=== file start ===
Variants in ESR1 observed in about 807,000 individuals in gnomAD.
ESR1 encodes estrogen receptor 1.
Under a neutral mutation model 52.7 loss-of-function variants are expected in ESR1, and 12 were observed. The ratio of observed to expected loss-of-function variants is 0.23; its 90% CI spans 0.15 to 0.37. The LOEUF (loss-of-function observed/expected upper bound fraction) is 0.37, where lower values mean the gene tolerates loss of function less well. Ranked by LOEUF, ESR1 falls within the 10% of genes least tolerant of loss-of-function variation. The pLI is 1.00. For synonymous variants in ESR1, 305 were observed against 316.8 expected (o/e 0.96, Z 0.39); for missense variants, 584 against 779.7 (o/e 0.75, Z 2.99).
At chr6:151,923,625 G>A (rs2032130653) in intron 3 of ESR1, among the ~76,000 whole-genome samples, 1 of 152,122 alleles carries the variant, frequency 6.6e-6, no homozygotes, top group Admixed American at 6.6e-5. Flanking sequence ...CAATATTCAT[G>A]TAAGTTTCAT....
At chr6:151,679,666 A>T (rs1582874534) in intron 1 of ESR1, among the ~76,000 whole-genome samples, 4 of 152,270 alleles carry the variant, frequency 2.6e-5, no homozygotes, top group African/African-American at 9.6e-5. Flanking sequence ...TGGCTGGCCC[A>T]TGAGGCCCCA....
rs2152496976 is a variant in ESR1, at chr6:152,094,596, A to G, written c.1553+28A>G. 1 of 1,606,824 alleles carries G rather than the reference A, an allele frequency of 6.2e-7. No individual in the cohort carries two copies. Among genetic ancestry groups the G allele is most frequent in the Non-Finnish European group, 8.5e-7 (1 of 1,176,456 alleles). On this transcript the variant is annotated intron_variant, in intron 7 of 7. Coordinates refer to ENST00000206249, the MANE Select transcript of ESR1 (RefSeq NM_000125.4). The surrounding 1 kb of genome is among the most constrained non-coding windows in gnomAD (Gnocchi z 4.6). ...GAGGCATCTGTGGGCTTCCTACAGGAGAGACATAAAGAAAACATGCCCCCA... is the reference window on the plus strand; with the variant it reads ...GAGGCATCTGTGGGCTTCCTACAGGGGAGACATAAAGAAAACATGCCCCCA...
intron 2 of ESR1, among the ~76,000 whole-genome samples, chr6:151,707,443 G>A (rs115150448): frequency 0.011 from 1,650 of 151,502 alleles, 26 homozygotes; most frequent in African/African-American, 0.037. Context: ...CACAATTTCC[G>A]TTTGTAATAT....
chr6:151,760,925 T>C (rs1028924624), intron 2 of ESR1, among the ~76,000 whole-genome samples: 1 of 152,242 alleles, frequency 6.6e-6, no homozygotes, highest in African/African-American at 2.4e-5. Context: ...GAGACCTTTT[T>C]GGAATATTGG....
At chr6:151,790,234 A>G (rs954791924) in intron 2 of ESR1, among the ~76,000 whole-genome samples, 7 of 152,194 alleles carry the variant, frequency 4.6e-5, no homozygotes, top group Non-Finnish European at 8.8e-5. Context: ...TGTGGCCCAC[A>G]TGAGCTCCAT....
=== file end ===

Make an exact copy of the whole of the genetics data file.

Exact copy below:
Variants in ESR1 observed in about 807,000 individuals in gnomAD.
ESR1 encodes estrogen receptor 1.
Under a neutral mutation model 52.7 loss-of-function variants are expected in ESR1, and 12 were observed. The ratio of observed to expected loss-of-function variants is 0.23; its 90% CI spans 0.15 to 0.37. The LOEUF (loss-of-function observed/expected upper bound fraction) is 0.37, where lower values mean the gene tolerates loss of function less well. Ranked by LOEUF, ESR1 falls within the 10% of genes least tolerant of loss-of-function variation. The pLI is 1.00. For synonymous variants in ESR1, 305 were observed against 316.8 expected (o/e 0.96, Z 0.39); for missense variants, 584 against 779.7 (o/e 0.75, Z 2.99).
At chr6:151,923,625 G>A (rs2032130653) in intron 3 of ESR1, among the ~76,000 whole-genome samples, 1 of 152,122 alleles carries the variant, frequency 6.6e-6, no homozygotes, top group Admixed American at 6.6e-5. Flanking sequence ...CAATATTCAT[G>A]TAAGTTTCAT....
At chr6:151,679,666 A>T (rs1582874534) in intron 1 of ESR1, among the ~76,000 whole-genome samples, 4 of 152,270 alleles carry the variant, frequency 2.6e-5, no homozygotes, top group African/African-American at 9.6e-5. Flanking sequence ...TGGCTGGCCC[A>T]TGAGGCCCCA....
rs2152496976 is a variant in ESR1, at chr6:152,094,596, A to G, written c.1553+28A>G. 1 of 1,606,824 alleles carries G rather than the reference A, an allele frequency of 6.2e-7. No individual in the cohort carries two copies. Among genetic ancestry groups the G allele is most frequent in the Non-Finnish European group, 8.5e-7 (1 of 1,176,456 alleles). On this transcript the variant is annotated intron_variant, in intron 7 of 7. Coordinates refer to ENST00000206249, the MANE Select transcript of ESR1 (RefSeq NM_000125.4). The surrounding 1 kb of genome is among the most constrained non-coding windows in gnomAD (Gnocchi z 4.6). ...GAGGCATCTGTGGGCTTCCTACAGGAGAGACATAAAGAAAACATGCCCCCA... is the reference window on the plus strand; with the variant it reads ...GAGGCATCTGTGGGCTTCCTACAGGGGAGACATAAAGAAAACATGCCCCCA...
intron 2 of ESR1, among the ~76,000 whole-genome samples, chr6:151,707,443 G>A (rs115150448): frequency 0.011 from 1,650 of 151,502 alleles, 26 homozygotes; most frequent in African/African-American, 0.037. Context: ...CACAATTTCC[G>A]TTTGTAATAT....
chr6:151,760,925 T>C (rs1028924624), intron 2 of ESR1, among the ~76,000 whole-genome samples: 1 of 152,242 alleles, frequency 6.6e-6, no homozygotes, highest in African/African-American at 2.4e-5. Context: ...GAGACCTTTT[T>C]GGAATATTGG....
At chr6:151,790,234 A>G (rs954791924) in intron 2 of ESR1, among the ~76,000 whole-genome samples, 7 of 152,194 alleles carry the variant, frequency 4.6e-5, no homozygotes, top group Non-Finnish European at 8.8e-5. Context: ...TGTGGCCCAC[A>G]TGAGCTCCAT....